For years, Ernesto "Che" Guevara has been more of a symbol than a man—but a symbol of what, exactly, is hard to say. The Latin American revolutionary, who helped bring Fidel Castro to power in Cuba in 1959 and died at the hands of the Bolivian army in 1967, is still revered for his Marxist politics in some quarters, but for many people, he is little more than the model for that famous image which can now be seen on everything from T-shirts to pop bottles: Framed by a beard and a beret, Che's face seems to stare, romantically but determinedly, into a future where things have been made better. Drained of any specific content, that image has come to represent a generic itch for change, and it has been co-opted by corporations and churches alike to show how hip and macho they can be.
The Motorcycle Diaries aims to subvert all this by showing us the man behind the myth, but in its own way, it too downplays the particulars of the man and his politics. This is partly because the film limits its focus to a life-changing road trip that Ernesto (Gael Garcia Bernal, who previously played Che in the TV mini-series Fidel) and his buddy, Alberto Granada (Rodrigo de la Serna), took across South America in 1952, when they were still university students whose political identities had not yet been fully formed. This is also because director Walter Salles—who scored a crossover hit a few years ago with Central Station, a redemptive road movie about an old woman and an orphaned boy who go deep into the heart of Brazil—tends to emphasize the humanity of the characters through smaller, more intimate moments, while keeping overtly political statements to a minimum.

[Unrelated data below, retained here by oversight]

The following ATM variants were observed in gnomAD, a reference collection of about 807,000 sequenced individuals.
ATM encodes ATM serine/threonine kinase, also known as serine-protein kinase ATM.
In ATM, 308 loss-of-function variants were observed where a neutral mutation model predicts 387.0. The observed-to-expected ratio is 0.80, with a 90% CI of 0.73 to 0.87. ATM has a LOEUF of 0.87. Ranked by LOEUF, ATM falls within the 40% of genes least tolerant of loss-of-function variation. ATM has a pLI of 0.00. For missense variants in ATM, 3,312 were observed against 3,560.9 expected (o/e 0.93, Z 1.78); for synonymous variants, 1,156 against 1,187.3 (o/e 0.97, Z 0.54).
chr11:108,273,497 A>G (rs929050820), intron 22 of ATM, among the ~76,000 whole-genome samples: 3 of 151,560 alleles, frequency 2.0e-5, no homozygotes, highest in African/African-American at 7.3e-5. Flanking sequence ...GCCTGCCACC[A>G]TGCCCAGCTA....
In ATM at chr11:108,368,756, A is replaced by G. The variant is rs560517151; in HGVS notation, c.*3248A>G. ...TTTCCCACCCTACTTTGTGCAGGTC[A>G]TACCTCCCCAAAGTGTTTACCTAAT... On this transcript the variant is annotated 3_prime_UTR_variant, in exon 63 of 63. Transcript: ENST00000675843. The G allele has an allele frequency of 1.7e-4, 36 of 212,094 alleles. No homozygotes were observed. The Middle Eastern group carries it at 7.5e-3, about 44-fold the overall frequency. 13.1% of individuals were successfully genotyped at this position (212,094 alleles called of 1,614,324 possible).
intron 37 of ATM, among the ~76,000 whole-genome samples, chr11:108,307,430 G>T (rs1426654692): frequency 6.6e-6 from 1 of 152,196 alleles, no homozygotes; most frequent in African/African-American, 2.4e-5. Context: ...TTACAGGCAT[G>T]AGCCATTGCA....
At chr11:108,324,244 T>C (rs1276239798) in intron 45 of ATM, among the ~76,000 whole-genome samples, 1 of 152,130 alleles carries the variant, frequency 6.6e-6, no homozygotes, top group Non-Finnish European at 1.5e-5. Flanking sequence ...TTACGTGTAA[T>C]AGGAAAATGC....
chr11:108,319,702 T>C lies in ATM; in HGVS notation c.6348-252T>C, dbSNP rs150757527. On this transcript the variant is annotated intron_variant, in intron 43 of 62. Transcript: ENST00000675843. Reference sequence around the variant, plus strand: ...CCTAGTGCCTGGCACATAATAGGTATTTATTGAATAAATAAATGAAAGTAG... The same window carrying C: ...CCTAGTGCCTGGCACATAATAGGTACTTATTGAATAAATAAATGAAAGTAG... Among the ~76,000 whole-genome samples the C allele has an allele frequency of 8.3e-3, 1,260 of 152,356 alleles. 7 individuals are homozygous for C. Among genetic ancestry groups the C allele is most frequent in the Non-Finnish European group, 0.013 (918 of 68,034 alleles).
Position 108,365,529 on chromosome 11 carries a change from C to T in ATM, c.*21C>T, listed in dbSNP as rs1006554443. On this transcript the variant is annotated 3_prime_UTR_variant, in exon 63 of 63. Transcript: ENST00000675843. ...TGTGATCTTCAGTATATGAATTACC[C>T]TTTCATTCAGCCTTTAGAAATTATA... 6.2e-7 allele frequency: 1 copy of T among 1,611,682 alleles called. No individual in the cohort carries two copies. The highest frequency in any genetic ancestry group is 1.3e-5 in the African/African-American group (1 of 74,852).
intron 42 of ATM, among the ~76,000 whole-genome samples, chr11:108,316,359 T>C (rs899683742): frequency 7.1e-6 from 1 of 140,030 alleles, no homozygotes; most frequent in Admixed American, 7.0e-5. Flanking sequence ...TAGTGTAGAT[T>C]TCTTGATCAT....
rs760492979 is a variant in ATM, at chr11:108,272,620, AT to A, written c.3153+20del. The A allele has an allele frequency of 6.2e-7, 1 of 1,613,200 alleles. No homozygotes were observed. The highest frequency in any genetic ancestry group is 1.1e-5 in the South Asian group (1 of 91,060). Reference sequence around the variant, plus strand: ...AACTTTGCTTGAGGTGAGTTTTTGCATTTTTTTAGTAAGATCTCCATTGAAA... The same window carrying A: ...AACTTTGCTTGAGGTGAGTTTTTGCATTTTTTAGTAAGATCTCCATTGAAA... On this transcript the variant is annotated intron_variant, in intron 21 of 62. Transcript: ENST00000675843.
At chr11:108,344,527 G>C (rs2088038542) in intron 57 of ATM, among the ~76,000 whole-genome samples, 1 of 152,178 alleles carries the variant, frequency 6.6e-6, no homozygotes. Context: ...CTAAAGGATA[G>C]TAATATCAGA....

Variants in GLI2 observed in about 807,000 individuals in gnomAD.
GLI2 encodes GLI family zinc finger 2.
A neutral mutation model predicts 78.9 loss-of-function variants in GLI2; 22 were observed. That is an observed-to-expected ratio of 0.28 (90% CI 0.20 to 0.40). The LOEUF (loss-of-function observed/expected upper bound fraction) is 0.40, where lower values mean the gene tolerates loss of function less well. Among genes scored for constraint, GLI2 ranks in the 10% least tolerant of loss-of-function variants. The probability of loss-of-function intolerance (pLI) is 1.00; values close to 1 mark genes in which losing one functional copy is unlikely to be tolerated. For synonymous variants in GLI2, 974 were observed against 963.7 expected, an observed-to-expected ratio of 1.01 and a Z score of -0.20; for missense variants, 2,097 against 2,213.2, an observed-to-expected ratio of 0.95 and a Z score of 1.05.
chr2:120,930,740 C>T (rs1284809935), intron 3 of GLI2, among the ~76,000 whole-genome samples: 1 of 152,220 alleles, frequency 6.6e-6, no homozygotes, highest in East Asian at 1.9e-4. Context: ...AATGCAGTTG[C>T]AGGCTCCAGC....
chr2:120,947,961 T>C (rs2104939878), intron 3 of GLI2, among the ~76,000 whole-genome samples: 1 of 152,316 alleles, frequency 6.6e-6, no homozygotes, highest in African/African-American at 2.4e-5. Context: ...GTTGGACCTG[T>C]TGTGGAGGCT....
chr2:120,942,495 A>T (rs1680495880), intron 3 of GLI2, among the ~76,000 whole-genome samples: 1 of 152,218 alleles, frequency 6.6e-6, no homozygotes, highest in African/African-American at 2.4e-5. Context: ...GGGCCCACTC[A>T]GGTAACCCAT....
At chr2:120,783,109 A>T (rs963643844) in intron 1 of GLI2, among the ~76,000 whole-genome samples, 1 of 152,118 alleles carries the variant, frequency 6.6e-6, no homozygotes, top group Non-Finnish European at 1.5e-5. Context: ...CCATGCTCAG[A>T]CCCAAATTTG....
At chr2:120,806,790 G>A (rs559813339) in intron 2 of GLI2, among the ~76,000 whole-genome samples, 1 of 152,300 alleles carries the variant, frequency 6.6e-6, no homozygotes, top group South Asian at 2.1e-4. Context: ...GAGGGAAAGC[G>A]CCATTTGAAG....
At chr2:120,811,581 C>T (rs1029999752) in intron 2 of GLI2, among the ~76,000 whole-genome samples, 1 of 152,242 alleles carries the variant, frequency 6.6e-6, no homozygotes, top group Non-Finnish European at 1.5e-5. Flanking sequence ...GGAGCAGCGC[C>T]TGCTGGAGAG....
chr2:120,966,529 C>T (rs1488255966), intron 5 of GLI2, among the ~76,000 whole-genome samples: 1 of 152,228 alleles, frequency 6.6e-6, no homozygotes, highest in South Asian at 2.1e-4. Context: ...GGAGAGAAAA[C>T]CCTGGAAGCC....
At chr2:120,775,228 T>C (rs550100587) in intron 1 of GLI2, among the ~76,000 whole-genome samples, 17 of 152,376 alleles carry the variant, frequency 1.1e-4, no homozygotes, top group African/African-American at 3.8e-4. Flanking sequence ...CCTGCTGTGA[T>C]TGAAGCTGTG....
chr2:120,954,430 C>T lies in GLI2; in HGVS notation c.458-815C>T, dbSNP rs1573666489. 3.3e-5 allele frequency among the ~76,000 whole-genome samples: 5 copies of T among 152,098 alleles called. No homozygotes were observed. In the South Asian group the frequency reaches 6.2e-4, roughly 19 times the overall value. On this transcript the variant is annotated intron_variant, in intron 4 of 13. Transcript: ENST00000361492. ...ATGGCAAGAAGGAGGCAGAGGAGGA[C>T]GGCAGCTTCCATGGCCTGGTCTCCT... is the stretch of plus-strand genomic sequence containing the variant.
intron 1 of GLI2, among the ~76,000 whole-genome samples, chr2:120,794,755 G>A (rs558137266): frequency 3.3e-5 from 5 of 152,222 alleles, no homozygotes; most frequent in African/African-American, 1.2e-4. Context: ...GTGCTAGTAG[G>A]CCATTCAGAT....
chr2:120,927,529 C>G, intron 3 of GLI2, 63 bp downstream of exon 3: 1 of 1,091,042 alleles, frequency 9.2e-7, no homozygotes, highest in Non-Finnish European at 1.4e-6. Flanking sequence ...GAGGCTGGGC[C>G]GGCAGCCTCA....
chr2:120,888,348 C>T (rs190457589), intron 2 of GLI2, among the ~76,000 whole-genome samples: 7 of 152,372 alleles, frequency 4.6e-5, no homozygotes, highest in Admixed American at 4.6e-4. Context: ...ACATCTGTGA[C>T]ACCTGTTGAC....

As a result, The Motorcycle Diaries is a beautiful and even entertaining ...1
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The Motorcycle Diaries
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